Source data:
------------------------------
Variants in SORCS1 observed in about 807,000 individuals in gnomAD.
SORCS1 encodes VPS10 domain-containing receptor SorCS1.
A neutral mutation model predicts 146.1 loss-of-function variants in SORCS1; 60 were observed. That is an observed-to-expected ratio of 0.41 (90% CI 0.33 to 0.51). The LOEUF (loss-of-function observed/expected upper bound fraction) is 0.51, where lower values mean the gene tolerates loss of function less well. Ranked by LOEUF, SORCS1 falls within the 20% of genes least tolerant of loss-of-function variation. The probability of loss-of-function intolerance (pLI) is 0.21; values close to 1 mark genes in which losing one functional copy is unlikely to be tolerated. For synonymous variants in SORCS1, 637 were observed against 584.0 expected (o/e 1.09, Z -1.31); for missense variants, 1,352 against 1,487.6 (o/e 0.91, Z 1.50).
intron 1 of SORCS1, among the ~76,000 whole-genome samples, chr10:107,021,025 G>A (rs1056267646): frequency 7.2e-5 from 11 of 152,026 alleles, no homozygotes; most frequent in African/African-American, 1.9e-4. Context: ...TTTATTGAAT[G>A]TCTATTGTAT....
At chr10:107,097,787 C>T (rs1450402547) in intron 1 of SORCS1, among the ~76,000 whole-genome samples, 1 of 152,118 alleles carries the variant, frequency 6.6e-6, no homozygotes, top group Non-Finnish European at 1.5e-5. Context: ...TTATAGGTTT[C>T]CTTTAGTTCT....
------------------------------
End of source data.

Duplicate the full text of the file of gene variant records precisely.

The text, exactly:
Variants in SORCS1 observed in about 807,000 individuals in gnomAD.
SORCS1 encodes VPS10 domain-containing receptor SorCS1.
A neutral mutation model predicts 146.1 loss-of-function variants in SORCS1; 60 were observed. That is an observed-to-expected ratio of 0.41 (90% CI 0.33 to 0.51). The LOEUF (loss-of-function observed/expected upper bound fraction) is 0.51, where lower values mean the gene tolerates loss of function less well. Ranked by LOEUF, SORCS1 falls within the 20% of genes least tolerant of loss-of-function variation. The probability of loss-of-function intolerance (pLI) is 0.21; values close to 1 mark genes in which losing one functional copy is unlikely to be tolerated. For synonymous variants in SORCS1, 637 were observed against 584.0 expected (o/e 1.09, Z -1.31); for missense variants, 1,352 against 1,487.6 (o/e 0.91, Z 1.50).
intron 1 of SORCS1, among the ~76,000 whole-genome samples, chr10:107,021,025 G>A (rs1056267646): frequency 7.2e-5 from 11 of 152,026 alleles, no homozygotes; most frequent in African/African-American, 1.9e-4. Context: ...TTTATTGAAT[G>A]TCTATTGTAT....
At chr10:107,097,787 C>T (rs1450402547) in intron 1 of SORCS1, among the ~76,000 whole-genome samples, 1 of 152,118 alleles carries the variant, frequency 6.6e-6, no homozygotes, top group Non-Finnish European at 1.5e-5. Context: ...TTATAGGTTT[C>T]CTTTAGTTCT....